SCANDAL. 10 p.m. Thursday, 6 ABC.
APRIL GETS off to a busy start as Fox moves "Bones" - again - NBC pulls another midseason sitcom out of its, um, hat and Shonda Rhimes ("Grey's Anatomy," "Private Practice") turns her attention from West Coast medical doctors to D.C.-based spin doctors in ABC's new "Scandal."
Closer to home, mayoral candidate-turned-documentary filmmaker Sam Katz premieres another installment of his ongoing history project, "Philadelphia: The Great Experiment" (7:30 p.m. Wednesday, 6 ABC), this one titled, "Fever: 1793."
I've lost track, honestly, of the number of time slots occupied by "Bones," which co-stars Philly's David Boreanaz, but since the show last week was renewed for an eighth season, I've also stopped worrying about it. Clearly "Bones" fans are both loyal and flexible. Look for its return Monday (8 p.m., Fox 29), followed by a new episode of the soon-to-depart "House" at 9.
"Revenge." "Missing." And now, "Scandal." ABC's new dramas aren't out to waste words.
The network's latest show with a strong female center stars Kerry Washington ("Ray") as Olivia Pope, a former White House power player now running her own crisis-management firm.
The character was inspired by Judy Smith, a former deputy press secretary to President George H.W. Bush - though their relationship was presumably less intimate than the one depicted here - who's now a crisis-management specialist, as well as one of the show's producers. (Also on her resume: a stint as a high-level spokeswoman for NBC.)
The show's set in Washington, where the crises that need managing are unending, so there's bound to be material, some of it all too familiar. Lansdale's Liza Weil ("Gilmore Girls") guest-stars, for instance, as a White House intern who's causing problems for Olivia's former boss.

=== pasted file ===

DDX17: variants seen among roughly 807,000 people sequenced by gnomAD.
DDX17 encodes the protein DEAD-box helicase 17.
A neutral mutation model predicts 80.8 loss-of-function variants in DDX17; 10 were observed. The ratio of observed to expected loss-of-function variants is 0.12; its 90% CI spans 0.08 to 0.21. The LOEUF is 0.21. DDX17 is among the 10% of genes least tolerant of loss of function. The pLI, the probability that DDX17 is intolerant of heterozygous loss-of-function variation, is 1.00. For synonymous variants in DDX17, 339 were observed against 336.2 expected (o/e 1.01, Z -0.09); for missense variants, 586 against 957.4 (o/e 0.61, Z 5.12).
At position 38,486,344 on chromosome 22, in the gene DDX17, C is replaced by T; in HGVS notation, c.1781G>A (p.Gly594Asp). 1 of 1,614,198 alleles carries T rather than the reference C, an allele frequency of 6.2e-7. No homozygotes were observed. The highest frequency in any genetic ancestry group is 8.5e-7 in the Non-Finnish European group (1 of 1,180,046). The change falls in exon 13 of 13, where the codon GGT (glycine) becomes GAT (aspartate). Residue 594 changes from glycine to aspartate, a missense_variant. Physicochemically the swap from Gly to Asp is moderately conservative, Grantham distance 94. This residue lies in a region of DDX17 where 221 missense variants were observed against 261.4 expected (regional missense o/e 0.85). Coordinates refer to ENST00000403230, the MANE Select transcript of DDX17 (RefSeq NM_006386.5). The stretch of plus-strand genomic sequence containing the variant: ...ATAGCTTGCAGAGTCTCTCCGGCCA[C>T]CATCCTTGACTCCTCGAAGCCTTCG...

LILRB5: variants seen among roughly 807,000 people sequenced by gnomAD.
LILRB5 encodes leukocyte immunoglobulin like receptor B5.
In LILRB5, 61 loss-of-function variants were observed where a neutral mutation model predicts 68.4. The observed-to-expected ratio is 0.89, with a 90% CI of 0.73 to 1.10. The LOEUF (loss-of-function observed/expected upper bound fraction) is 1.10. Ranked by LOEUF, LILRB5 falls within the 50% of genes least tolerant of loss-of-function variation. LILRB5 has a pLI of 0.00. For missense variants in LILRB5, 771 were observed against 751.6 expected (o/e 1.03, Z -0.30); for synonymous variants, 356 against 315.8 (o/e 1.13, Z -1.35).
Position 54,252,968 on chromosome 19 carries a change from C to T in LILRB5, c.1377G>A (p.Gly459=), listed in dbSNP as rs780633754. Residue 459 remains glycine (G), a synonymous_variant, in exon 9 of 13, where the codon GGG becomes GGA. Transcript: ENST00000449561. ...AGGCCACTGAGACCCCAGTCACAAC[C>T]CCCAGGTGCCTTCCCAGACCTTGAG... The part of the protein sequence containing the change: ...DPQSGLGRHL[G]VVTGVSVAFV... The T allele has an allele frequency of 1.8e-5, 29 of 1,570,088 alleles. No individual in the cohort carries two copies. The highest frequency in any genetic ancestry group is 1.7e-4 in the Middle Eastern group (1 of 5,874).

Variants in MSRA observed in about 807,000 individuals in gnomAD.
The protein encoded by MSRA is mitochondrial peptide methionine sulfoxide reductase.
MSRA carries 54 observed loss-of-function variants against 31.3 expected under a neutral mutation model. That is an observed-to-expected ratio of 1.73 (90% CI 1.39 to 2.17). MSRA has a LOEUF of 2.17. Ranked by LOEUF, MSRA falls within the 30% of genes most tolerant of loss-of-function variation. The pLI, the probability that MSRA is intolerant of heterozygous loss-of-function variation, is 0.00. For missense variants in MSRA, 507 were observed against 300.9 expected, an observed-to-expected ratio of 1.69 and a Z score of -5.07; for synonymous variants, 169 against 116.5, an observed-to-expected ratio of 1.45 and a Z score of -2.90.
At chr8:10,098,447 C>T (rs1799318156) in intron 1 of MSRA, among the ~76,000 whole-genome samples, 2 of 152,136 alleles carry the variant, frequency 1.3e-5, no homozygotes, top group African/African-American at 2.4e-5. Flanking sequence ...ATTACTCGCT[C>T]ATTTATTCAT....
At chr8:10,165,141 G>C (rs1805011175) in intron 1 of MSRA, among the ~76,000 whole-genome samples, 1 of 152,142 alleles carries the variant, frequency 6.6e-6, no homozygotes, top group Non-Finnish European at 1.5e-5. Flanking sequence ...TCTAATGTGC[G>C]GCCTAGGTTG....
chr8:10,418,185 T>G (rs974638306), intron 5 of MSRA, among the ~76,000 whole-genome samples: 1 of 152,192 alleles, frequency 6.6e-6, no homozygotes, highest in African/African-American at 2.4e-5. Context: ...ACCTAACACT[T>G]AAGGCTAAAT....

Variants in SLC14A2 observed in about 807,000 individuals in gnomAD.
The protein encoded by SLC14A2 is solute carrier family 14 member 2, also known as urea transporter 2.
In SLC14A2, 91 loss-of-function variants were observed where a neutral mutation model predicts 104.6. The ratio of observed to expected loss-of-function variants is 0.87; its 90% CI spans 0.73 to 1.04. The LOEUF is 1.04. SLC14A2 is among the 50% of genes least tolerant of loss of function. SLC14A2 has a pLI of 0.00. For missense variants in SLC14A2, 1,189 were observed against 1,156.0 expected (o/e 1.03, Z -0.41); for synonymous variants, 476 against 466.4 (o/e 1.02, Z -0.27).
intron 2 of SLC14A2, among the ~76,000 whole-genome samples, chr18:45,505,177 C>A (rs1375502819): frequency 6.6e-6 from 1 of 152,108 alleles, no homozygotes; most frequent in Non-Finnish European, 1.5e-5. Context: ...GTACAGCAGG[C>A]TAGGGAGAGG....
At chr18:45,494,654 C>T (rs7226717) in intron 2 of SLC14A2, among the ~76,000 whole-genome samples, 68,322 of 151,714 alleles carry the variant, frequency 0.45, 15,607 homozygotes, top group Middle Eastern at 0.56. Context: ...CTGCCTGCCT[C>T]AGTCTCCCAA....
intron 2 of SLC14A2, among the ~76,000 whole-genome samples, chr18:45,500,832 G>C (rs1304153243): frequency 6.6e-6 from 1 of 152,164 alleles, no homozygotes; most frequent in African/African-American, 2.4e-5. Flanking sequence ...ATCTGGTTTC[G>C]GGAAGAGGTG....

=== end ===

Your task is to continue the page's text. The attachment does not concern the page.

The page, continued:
But then, since this is a show created by Rhimes, whose adult characters tend to be in very close touch with their inner adolescents, smart women (and men) will no doubt be making plenty of foolish choices.
Olivia and the people who work for her - among them a character played by "Lost's" Henry Ian Cusick - talk a tough game (they're "gladiators in suits"). Just don't look for any more common sense from them than you would from anyone else in that town.
Naming sitcoms is apparently harder than it looks - apparently you can't just call them "Funny!" or "Unwatchable!" and NBC, whose charming (and largely overlooked) "Bent" (9 and 9:30 p.m. Wednesday, NBC10) seemed made to be broken, is doing only a little better with the possibly too-optimistic "Best Friends Forever" (8:30 p.m. Wednesday, NBC10).
Even "Friends" didn't promise forever and that was when NBC's viewers were so loyal they'd have watched a blank screen if it aired between "Friends" and "Seinfeld."
"Best Friends Forever" is better than a blank screen, but beyond setting what I think might be a 2011-12 season record - 0 to vagina joke in 15 seconds - it doesn't do much to break through the sitcom clutter.
Jessica St. Clair ("Bridesmaids") and Lennon Parham ("Accidentally on Purpose") star as characters named - wait for it - Jessica and Lennon, who used to be roommates in Brooklyn before Jessica got married and moved to the West Coast and Lennon got a live-in boyfriend (Luka Jones).
But now Jessica's getting divorced. And Lennon's inviting her to move back in.
I wish I could say hilarity ensues, but mostly it doesn't. On the other hand, it's replacing "Are You There, Chelsea?" (and following the new hidden-camera show "Betty White's Off Their Rockers," which might conceivably attract a larger audience than "Whitney"). So things could be worse.
On the documentary front, Katz's film on the yellow fever isn't the only one worth a look.
Women's History Month is over, but PBS' "American Masters" has back-to-back profiles tonight of two distinctly different women writers, each from the South and each with just one very big book to her name.
"Margaret Mitchell: American Rebel" (9 p.m., WHYY 12) tracks the life and career of the author of Gone With the Wind, while "Harper Lee: Hey, Boo" (10 p.m., WHYY 12) looks at the author of To Kill a Mockingbird. If you only have room on the DVR for one, "Hey, Boo," which I first saw on Netflix several months ago, is the better of the two films and will probably send you back to reread the book, which is never a bad thing.
On Thursday at 8, HBO presents the rather endearing "God Is the Bigger Elvis," an Oscar- nominated short film on actress Dolores Hart, who got her big break in Elvis Presley's "Loving You" and starred in a number of films, including "Where the Boys Are," before leaving it all behind - especially the boys - to become a Benedictine nun. n